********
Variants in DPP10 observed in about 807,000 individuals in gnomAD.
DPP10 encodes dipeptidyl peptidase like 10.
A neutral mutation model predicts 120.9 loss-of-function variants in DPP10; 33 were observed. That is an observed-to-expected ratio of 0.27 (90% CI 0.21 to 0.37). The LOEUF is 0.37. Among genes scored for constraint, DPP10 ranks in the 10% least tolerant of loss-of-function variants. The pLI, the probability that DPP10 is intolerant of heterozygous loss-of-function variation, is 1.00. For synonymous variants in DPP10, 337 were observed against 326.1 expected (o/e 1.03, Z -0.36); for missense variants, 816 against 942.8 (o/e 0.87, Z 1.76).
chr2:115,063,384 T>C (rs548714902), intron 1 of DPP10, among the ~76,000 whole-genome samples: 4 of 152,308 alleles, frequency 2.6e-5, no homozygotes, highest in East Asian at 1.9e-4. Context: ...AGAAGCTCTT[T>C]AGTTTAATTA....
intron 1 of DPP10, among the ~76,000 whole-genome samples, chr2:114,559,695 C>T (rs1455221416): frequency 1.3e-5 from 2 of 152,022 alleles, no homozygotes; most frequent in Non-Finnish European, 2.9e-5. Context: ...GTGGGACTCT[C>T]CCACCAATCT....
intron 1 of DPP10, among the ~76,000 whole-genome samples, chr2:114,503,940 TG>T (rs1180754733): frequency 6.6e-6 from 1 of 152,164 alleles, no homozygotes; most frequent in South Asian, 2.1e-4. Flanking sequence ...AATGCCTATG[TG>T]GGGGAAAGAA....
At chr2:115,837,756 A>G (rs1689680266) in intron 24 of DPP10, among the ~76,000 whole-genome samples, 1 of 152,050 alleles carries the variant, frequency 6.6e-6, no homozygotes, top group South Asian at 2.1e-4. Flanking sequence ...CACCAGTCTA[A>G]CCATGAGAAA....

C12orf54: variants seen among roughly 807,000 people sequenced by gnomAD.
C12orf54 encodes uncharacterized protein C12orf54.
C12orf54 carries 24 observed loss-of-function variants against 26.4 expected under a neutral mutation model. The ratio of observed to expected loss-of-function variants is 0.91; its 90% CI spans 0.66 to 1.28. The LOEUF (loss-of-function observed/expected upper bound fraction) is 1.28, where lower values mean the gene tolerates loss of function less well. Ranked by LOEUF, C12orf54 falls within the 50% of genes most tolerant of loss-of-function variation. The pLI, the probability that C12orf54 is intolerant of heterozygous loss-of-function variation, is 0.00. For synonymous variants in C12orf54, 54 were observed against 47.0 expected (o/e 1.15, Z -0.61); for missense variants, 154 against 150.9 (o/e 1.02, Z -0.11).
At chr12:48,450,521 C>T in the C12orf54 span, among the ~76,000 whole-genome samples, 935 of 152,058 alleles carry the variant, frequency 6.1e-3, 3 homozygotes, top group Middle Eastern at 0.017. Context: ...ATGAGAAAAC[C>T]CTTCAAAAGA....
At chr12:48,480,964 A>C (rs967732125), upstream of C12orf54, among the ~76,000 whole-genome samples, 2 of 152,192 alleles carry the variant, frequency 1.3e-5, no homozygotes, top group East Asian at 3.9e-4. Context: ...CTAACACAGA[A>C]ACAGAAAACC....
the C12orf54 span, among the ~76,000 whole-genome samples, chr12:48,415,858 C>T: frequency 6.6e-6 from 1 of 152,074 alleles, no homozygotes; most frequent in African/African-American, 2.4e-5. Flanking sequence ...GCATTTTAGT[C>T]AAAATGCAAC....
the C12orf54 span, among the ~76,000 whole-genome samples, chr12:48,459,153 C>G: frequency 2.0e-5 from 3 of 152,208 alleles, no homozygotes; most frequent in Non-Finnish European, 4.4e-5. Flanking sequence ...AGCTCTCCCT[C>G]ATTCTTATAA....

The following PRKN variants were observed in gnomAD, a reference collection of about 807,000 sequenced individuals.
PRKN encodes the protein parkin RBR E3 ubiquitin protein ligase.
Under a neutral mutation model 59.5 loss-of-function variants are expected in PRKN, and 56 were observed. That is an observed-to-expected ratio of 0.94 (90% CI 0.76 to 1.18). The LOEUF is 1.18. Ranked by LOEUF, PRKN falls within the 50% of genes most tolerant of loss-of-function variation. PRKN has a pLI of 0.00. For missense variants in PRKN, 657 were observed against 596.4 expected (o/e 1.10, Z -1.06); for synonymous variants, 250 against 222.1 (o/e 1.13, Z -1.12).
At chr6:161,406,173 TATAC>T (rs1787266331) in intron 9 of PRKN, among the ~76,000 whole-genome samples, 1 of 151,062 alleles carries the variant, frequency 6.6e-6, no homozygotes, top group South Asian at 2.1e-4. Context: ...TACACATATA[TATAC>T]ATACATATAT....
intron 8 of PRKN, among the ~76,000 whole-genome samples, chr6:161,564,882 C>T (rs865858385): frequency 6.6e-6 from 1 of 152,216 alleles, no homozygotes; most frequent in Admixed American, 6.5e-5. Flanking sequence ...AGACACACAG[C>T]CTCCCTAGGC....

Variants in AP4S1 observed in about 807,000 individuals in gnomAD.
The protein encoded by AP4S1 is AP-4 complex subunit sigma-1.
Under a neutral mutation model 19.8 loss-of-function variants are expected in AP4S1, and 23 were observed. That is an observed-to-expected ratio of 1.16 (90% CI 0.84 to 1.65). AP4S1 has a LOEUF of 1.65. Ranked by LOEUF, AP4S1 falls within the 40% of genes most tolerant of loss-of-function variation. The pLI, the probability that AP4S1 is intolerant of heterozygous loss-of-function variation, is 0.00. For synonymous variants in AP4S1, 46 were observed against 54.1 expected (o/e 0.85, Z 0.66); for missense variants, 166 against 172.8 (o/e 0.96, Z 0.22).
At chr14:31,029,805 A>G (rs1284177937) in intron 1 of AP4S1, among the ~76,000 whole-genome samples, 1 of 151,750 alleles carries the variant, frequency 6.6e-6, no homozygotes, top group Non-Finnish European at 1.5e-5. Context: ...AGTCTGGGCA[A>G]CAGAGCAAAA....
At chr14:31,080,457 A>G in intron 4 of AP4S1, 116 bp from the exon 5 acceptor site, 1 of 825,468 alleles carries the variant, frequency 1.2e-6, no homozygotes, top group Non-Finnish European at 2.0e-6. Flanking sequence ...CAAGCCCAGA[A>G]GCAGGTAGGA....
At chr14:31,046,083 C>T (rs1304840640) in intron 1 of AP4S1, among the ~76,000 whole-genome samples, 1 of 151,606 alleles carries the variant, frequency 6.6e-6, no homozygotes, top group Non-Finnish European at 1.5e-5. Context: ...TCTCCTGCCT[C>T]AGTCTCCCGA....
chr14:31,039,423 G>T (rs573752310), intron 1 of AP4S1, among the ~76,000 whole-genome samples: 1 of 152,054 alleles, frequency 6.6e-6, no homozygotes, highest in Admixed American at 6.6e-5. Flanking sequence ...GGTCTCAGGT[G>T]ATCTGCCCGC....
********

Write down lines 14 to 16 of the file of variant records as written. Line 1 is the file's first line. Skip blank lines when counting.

the C12orf54 span, among the ~76,000 whole-genome samples, chr12:48,459,153 C>G: frequency 2.0e-5 from 3 of 152,208 alleles, no homozygotes; most frequent in Non-Finnish European, 4.4e-5. Flanking sequence ...AGCTCTCCCT[C>G]ATTCTTATAA....

The following PRKN variants were observed in gnomAD, a reference collection of about 807,000 sequenced individuals.
PRKN encodes the protein parkin RBR E3 ubiquitin protein ligase.